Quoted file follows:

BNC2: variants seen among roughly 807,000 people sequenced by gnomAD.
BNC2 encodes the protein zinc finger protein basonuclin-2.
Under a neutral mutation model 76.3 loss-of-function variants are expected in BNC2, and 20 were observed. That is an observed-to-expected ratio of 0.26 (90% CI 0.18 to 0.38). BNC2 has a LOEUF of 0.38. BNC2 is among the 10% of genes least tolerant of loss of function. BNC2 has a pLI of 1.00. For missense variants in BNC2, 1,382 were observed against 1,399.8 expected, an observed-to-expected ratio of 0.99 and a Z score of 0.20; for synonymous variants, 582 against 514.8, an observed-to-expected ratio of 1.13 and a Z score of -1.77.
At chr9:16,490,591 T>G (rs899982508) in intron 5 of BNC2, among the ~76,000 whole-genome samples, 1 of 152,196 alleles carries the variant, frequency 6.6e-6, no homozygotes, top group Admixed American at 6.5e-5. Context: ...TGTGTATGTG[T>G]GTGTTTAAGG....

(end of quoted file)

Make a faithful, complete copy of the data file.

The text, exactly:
BNC2: variants seen among roughly 807,000 people sequenced by gnomAD.
BNC2 encodes the protein zinc finger protein basonuclin-2.
Under a neutral mutation model 76.3 loss-of-function variants are expected in BNC2, and 20 were observed. That is an observed-to-expected ratio of 0.26 (90% CI 0.18 to 0.38). BNC2 has a LOEUF of 0.38. BNC2 is among the 10% of genes least tolerant of loss of function. BNC2 has a pLI of 1.00. For missense variants in BNC2, 1,382 were observed against 1,399.8 expected, an observed-to-expected ratio of 0.99 and a Z score of 0.20; for synonymous variants, 582 against 514.8, an observed-to-expected ratio of 1.13 and a Z score of -1.77.
At chr9:16,490,591 T>G (rs899982508) in intron 5 of BNC2, among the ~76,000 whole-genome samples, 1 of 152,196 alleles carries the variant, frequency 6.6e-6, no homozygotes, top group Admixed American at 6.5e-5. Context: ...TGTGTATGTG[T>G]GTGTTTAAGG....